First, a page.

"Love me or hate me, the fact that [fans] love NASCAR means the most," Logano said. "Because, honestly, that's what keeps everyone standing around here employed.

"That's a big deal for the growth of our sport. I'm a fan before I was a driver and I'm still a fan before I am a driver."

Truex hopes for better days

Martin Truex Jr. seemed almost offended following the awards ceremony when it was suggested that things might never be as good at Joe Gibbs Racing as it was for him and crew chief Cole Pearn the past three years at Furniture Row Racing. The organization closed its doors following the 2018 season.

"It's not going to be a tick lower because we won't stand for that," Truex said. "That's not why we're here. Cole and I and the team he assembles, we're going to have the same attitude.

"We get paid to win. That's our job, to figure out how to win."

Pearn and some other team members will move to North Carolina to work at JGR.

"Cole is going to be in North Carolina next week getting to work and I'll be pestering him about what we're doing getting ready for Daytona and how the car is going to be," Truex said.

Sometimes it can be more difficult to influence change with a bigger team.

"The mad scientist part of Cole is still there, and he will still be a driving force," Truex said. "We'll just have to see. It will be new territory."

Jim France makes short statement

Jim France, who has taken over as CEO and chairman while his nephew Brian continues on an indefinite (permanent?) leave of absence following his DWI in August, was honored Wednesday with the Myers Brothers Award for contributions to the sport.

Jim France is likely one of the few people still around NASCAR who knew Billy and Bobby Myers, NASCAR competitors who competed at Bowman Gray Stadium in North Carolina.

In accepting the award, France gave a very brief analysis of the sport:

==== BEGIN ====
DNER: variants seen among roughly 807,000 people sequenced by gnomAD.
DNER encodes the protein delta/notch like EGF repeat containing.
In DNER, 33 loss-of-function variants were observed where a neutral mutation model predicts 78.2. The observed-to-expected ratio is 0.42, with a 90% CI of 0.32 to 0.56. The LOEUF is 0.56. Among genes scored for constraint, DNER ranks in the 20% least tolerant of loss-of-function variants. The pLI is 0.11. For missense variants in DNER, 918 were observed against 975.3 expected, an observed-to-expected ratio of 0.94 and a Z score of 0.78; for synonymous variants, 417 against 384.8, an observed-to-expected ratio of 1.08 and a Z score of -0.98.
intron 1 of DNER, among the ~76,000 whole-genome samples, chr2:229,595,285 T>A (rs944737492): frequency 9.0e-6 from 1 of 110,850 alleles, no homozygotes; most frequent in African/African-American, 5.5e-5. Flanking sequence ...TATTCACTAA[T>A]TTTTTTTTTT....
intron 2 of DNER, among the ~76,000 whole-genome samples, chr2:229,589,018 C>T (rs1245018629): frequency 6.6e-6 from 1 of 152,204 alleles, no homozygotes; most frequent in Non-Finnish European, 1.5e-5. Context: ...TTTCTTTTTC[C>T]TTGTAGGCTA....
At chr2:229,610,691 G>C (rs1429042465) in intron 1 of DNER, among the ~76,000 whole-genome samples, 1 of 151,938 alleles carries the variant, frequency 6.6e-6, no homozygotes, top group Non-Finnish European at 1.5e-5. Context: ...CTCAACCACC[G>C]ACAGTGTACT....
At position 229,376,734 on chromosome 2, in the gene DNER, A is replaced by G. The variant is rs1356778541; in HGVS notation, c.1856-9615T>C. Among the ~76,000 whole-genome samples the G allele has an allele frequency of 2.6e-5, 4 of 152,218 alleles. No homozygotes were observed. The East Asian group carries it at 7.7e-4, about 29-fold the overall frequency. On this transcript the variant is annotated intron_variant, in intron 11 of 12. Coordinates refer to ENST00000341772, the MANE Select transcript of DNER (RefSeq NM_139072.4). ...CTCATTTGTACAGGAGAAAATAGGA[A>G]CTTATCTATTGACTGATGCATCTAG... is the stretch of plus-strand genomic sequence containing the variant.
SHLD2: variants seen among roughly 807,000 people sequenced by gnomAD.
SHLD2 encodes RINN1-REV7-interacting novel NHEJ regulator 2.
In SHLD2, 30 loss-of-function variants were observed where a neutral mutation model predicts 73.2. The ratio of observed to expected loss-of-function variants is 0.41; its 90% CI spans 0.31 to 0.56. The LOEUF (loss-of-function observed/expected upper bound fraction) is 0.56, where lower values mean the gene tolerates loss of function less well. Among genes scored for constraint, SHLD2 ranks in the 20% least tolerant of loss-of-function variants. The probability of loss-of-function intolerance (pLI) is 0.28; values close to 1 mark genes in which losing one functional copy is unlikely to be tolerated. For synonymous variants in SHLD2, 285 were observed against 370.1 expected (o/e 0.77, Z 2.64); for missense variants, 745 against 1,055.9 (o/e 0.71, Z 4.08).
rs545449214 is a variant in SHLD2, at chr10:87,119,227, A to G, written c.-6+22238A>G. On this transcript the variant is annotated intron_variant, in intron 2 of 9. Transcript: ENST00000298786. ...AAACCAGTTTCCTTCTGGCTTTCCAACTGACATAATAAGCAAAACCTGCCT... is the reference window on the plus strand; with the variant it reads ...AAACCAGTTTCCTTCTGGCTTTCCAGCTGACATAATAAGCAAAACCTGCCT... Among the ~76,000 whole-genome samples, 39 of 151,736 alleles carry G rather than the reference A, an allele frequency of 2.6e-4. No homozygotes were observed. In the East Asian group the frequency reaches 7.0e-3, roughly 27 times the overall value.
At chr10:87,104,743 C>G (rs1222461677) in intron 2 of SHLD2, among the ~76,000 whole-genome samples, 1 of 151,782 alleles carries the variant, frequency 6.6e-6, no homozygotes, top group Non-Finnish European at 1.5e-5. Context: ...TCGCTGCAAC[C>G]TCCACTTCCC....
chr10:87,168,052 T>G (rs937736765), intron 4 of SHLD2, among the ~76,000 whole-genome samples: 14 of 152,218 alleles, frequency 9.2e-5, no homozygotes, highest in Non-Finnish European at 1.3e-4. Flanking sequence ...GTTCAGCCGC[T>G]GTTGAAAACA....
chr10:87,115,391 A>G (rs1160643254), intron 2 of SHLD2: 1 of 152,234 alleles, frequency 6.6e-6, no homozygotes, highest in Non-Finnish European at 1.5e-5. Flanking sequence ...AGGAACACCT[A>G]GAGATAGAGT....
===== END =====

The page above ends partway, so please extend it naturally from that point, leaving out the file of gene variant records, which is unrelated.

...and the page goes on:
"I've had the opportunity the last part of this season to spend a lot of time again in the garage area and pits of our racing series, and I'd like to pass on one quick observation from the 1950s in the pits at Bowman Gray Stadium to the 2018 pits in the NASCAR Monster Energy Series:

"That NASCAR spirit, the competitive spirit of the drivers and teams, is alive and well and I'm proud to be a part of it."

France, while affable, prefers to remain in the background and has not done a news conference since assuming his new role. This would have been an opportunity for him to give more of his state-of-the-sport thoughts. While that would have been welcome and likely productive, it isn't his style.

Xfinity Series fun day

Xfinity Series champion Tyler Reddick got to have fun at Universal Studios on Tuesday, where he rode on the float that led the afternoon parade. He also met fans and signed autographs.

"It's incredible to be out here," Reddick said.

Universal and Xfinity are part of the Comcast family of companies, so it was a natural setting to try to highlight the young driver and the series champion.

"It's pretty cool," Reddick said. "I got the trophy sitting right next to me. We had a bunch of calls [with media] and sitting down and talking about how it all happened. It's starting to really sink in."

Reddick enjoyed the day. It was good to see the series sponsor trying to promote its champion, especially one who will return next year to defend his title (albeit with Richard Childress Racing and not JR Motorsports).

"There's been a lot of big fan reaction," Reddick said. "There's a lot of fans back in my dirt [late model] days who have followed me from almost the very start that have still been following along that are still ecstatic. ... They have stuck out what seemed to be a pretty hard year, but we've rewarded them with a championship."